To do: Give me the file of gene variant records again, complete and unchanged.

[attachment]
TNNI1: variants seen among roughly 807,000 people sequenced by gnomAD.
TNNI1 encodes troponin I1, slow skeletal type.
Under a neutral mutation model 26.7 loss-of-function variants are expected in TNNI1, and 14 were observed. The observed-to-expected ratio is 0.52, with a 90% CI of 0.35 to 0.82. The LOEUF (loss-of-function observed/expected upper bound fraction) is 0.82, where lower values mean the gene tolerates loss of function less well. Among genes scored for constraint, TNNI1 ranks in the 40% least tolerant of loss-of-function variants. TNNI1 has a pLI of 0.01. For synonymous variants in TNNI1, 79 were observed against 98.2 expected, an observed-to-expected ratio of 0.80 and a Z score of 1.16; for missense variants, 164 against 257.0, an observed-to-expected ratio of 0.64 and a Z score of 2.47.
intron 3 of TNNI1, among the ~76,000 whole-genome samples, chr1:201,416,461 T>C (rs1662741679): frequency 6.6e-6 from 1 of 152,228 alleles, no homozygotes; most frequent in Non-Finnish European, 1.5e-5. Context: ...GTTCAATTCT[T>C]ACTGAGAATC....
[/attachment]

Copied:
TNNI1: variants seen among roughly 807,000 people sequenced by gnomAD.
TNNI1 encodes troponin I1, slow skeletal type.
Under a neutral mutation model 26.7 loss-of-function variants are expected in TNNI1, and 14 were observed. The observed-to-expected ratio is 0.52, with a 90% CI of 0.35 to 0.82. The LOEUF (loss-of-function observed/expected upper bound fraction) is 0.82, where lower values mean the gene tolerates loss of function less well. Among genes scored for constraint, TNNI1 ranks in the 40% least tolerant of loss-of-function variants. TNNI1 has a pLI of 0.01. For synonymous variants in TNNI1, 79 were observed against 98.2 expected, an observed-to-expected ratio of 0.80 and a Z score of 1.16; for missense variants, 164 against 257.0, an observed-to-expected ratio of 0.64 and a Z score of 2.47.
intron 3 of TNNI1, among the ~76,000 whole-genome samples, chr1:201,416,461 T>C (rs1662741679): frequency 6.6e-6 from 1 of 152,228 alleles, no homozygotes; most frequent in Non-Finnish European, 1.5e-5. Context: ...GTTCAATTCT[T>C]ACTGAGAATC....